Land Manager's Diary: Read it here>

BOOK onto one our upcoming workparties>

Just as the birds and plants are charging around like crazy and appearing all over the place, it feels like we are doing the same in the last week!

Jack and John the maker of bat and bird boxes have been on a flying visit to Hows Wood and Dam Mire Wood putting up the boxes in the woods. On Tuesday we had a workparty in Hows Wood, fixing the bridges, fences and a huge wall gap, and removing the odd conifer seedling that still appear from when it was a Forestry Commission coniferous wood. We joke that at Mazonwath we are often walling with cornflakes, such is the size of some of the stone. Here it was walling with boulders, the first challenge being just to get some of the stone on the wall, especially difficult on one side due to a big drop.

Pictured: Big boulders and steep drops, walling in Hows Wood

This is what we call a ‘Land Manger’s fix’, instead of the perfection that we seek when rebuilding a wall normally, it was a case of get the stone on the wall. The weight of it will hold it together for now. We also spent time doing some short videos which will go in our Virtual Tour of Hows Wood, to be launched later this year. Thank you to everyone who has looked at our first tour, that of High Borrowdale and particular thanks to those of you that have fed back your thoughts. It seems to be something that people are enjoying and welcome, so we will continue with our plans to do another five properties this year.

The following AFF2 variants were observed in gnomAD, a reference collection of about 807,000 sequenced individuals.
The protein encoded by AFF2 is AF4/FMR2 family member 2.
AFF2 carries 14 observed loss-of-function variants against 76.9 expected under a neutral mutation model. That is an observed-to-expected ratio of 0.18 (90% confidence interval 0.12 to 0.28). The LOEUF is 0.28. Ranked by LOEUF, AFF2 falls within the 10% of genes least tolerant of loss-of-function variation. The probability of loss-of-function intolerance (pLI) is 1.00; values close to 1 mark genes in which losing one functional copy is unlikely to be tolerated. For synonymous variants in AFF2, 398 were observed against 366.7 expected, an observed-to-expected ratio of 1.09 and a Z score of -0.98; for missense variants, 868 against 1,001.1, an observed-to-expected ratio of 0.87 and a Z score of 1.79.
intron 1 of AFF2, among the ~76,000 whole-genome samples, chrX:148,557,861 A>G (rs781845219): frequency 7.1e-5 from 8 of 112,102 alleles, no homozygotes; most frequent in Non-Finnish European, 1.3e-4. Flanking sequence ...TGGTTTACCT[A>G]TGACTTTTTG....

On Wednesday we had the first of our new training events for people willing to be trained in specific subjects and then use their knowledge to help us survey our land. We had an amazing day with enthusiastic lichen expert Pete Martin in Sweden Wood. Simple descriptions such as “the one that looks like a wine gum, jam tart, jelly, apple green or bearded” really helped us!

Pictured: Lichens in Hows Wood

Did you know the UK has 2000 types of lichen, that 2-3% of the planet’s surface is lichen, or that the map lichen was sent into space from the International Space Station and survived!  Lichens can be really good indicators, for example of the state of the air in a particular place, with many being pollution intolerant.

Pictured: Chemical testing of lichens at Hows Wood

We still have space on other training events, except for hay meadow flowers. If you want to join us, book here>